Metro Detroiters can also pick up Pewabic gifts at the Christmas Wonderfest in Campus Martius Park from Nov. 18-27 and at downtown Rochester’s Kris Kringle Market on Dec. 2-3. A limited selection of Pewabic gifts will be available at both events.

 Pewabic Pottery is a non-profit arts and cultural organization and National Historic Landmark which is dedicated to engaging people of all ages in learning experiences with contemporary ceramic art and artists while preserving its historic legacy.

Pewabic is a historic working pottery which is open to the public year round and offers classes, workshops and tours to children and adults. Pewabic creates giftware, pottery and architectural tile, showcases more than 80 ceramic artists in its galleries, and operates a museum store that features pottery and gift tile made on-site.

Visitors are welcome, free of charge, Monday - Saturday from 10 a.m. to 6 p.m. and Sunday from noon to 4 p.m. To learn more about Pewabic Pottery call (313) 626-2000 or visit www.pewabic.org.

Pewabic Pottery is located at 10125 E. Jefferson Ave. in Detroit across the street from Waterworks Park.
Join Us for our 8th annual pre-Holiday shopping event taking place Saturday, November 26th! in Detroit.  Shop Detroit is an event that encourages shoppers to purchase products, services and gifts at Detroit retail locations.

Detroit Synergy member-volunteers created Shop Detroit eight years ago specifically to promote the often-overlooked retail attractions available to shoppers in Downtown Detroit and surrounding neighborhoods. This event is designed to appeal to shoppers from all over the Metro Detroit area. The project also strives to educate the growing numbers of downtown retailers in how important it is to have a coherent merchant community.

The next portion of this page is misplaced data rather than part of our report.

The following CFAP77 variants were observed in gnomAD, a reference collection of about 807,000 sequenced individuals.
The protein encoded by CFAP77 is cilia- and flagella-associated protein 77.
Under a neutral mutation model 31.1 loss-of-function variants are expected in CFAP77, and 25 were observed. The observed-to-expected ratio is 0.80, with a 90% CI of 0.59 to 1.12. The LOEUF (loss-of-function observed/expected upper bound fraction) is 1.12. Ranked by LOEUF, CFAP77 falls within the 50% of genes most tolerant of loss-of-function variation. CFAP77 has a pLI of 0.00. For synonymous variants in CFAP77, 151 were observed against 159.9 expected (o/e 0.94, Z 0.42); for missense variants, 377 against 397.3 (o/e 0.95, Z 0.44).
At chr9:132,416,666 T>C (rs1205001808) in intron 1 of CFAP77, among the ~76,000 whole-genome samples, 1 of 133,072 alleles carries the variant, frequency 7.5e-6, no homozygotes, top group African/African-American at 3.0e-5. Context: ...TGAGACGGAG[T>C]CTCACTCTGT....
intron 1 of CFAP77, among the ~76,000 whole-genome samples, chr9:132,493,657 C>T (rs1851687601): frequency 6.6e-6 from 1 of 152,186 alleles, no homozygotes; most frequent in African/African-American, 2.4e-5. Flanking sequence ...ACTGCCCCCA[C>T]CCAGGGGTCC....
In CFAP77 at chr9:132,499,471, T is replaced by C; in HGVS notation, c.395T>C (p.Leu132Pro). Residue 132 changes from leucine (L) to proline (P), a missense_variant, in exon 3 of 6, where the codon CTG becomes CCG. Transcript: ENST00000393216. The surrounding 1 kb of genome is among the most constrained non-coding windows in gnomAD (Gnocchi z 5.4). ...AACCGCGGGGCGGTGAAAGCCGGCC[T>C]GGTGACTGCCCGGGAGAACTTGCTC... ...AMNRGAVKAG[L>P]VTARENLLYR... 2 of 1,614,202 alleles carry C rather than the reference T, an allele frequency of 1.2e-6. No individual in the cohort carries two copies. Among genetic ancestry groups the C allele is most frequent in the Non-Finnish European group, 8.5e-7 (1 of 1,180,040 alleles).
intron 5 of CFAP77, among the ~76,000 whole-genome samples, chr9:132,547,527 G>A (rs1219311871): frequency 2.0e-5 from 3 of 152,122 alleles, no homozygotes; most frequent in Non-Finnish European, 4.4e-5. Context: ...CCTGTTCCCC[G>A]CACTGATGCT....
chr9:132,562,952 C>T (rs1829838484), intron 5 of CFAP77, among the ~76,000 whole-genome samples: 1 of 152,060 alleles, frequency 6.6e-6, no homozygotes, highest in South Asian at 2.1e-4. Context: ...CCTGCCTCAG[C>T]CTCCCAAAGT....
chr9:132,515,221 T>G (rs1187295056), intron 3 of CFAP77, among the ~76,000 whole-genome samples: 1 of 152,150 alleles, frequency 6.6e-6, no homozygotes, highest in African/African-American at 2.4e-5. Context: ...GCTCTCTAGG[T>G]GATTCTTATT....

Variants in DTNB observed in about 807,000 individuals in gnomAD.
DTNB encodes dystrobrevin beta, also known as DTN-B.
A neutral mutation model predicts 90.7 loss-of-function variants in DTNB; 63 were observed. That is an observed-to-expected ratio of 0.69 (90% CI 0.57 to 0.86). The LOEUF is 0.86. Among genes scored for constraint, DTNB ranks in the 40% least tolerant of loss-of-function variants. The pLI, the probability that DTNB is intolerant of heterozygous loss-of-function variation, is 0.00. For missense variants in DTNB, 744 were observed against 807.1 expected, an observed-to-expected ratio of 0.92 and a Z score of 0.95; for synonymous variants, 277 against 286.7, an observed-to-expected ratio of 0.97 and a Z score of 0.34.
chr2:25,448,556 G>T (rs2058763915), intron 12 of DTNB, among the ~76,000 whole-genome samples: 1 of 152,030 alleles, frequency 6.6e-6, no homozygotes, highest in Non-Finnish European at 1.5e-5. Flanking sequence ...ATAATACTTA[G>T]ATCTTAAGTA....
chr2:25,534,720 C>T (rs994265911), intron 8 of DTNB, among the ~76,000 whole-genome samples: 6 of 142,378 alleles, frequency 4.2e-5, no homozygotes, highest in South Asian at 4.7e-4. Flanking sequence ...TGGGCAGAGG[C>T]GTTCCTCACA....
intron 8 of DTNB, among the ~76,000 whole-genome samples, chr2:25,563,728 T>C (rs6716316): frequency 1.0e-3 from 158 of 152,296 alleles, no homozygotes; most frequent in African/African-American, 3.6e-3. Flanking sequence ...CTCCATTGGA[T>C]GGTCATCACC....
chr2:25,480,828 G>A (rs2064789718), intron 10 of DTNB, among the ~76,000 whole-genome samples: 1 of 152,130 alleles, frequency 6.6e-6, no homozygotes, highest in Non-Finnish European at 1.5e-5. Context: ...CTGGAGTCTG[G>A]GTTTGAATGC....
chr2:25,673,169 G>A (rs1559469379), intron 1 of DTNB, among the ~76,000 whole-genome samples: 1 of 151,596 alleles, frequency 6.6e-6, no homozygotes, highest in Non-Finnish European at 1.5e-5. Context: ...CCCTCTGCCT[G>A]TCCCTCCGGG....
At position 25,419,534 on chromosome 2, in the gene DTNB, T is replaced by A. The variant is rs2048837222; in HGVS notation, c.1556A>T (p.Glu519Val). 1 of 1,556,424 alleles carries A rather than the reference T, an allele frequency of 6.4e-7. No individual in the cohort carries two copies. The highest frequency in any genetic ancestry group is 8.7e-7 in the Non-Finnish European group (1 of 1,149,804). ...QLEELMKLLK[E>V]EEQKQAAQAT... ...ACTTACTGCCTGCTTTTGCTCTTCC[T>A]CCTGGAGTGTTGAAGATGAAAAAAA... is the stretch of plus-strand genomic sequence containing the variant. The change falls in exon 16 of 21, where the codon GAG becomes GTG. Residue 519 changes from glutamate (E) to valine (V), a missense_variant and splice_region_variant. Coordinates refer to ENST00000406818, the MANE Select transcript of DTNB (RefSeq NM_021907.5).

This year, Detroit Synergy is partnering with Small Business Saturday.  Small Business Saturday, which falls between Black Friday and Cyber Monday, is a national movement to drive consumers to shop at local merchants during the heaviest shopping weekend of the year. American Express, the founding sponsor of Small Business Saturday, created the movement in response to small business owners’ most pressing need: more demand for their products and services. Small Business Saturday started in 2010 in response to small business owners most pressing need: more demand for their products and services. There will be giveaways and a lot of fun in the city! Support local and shop small!

Small Business Saturday
You can pre-register to let us know you are joining us here, Shop Detroit pre-registration. Day of registration will take place at the Inside Detroit Welcome Center from 9:30am - 4pm.  Shoppers will receive a full list of retailers, specials and other products that will make this shopping experience a happy one.

 
Participating Merchants

    Avalon International Breads
    B'ana
    Bob's Classic Kicks
    BonBons
    Byblos Cafe & Grill
    Canine to Five
    Charles H. Wright Museum of African American History Museum Store
    City Bird
    Curl Up & Dye
    Detroit Artists Market
    Detroit Community Acupuncture
    Detroit Historical Museum Store
    Detroit Institute of Arts
    DJenne African Imports
    Donna D
    Flo Boutique
    Good Girls Go To Paris Crepes
    Good People Popcorn
    Goods
    GoodWells Natural Foods Market
    Hilal Books & Imports
    Hockeytown Café and Gift Shop
    John King Books
    Jos. A. Banks
    Leopold's Books
    Little Foxes Fine Gifts
    Lolita
    Mantra
    Marian's Market
    Marwil Bookstore
    MOCAD
    Motor City Brewing Works
    Park Shelton
    Peacock Room
    People's Records & Collectibles
    Pure Detroit Downtown
    Pure Detroit GM Collection
    Revolution Books
    Rosa's Fashions
    Scentsations
    Shangri-la
    Showtime Detroit